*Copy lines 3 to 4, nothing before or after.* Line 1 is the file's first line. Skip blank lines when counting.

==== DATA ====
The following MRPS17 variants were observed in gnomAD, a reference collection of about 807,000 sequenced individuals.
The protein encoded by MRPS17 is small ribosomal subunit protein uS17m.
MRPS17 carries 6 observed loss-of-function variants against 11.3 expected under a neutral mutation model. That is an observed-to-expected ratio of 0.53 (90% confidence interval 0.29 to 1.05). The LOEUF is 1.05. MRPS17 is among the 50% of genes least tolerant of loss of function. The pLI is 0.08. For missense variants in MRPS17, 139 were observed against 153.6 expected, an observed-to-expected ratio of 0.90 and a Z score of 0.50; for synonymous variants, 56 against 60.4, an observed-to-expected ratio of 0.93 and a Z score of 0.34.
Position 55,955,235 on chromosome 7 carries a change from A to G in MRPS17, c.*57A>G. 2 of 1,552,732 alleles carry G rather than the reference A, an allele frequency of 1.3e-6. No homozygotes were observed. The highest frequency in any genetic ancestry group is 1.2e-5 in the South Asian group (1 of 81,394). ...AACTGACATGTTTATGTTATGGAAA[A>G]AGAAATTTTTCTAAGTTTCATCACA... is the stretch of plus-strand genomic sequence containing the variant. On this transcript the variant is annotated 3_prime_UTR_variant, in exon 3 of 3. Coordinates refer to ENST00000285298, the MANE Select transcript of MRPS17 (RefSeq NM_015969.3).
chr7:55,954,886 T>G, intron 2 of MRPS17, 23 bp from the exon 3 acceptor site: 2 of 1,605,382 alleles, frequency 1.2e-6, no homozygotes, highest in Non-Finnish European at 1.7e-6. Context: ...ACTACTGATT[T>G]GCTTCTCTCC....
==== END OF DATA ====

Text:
MRPS17 carries 6 observed loss-of-function variants against 11.3 expected under a neutral mutation model. That is an observed-to-expected ratio of 0.53 (90% confidence interval 0.29 to 1.05). The LOEUF is 1.05. MRPS17 is among the 50% of genes least tolerant of loss of function. The pLI is 0.08. For missense variants in MRPS17, 139 were observed against 153.6 expected, an observed-to-expected ratio of 0.90 and a Z score of 0.50; for synonymous variants, 56 against 60.4, an observed-to-expected ratio of 0.93 and a Z score of 0.34.
Position 55,955,235 on chromosome 7 carries a change from A to G in MRPS17, c.*57A>G. 2 of 1,552,732 alleles carry G rather than the reference A, an allele frequency of 1.3e-6. No homozygotes were observed. The highest frequency in any genetic ancestry group is 1.2e-5 in the South Asian group (1 of 81,394). ...AACTGACATGTTTATGTTATGGAAA[A>G]AGAAATTTTTCTAAGTTTCATCACA... is the stretch of plus-strand genomic sequence containing the variant. On this transcript the variant is annotated 3_prime_UTR_variant, in exon 3 of 3. Coordinates refer to ENST00000285298, the MANE Select transcript of MRPS17 (RefSeq NM_015969.3).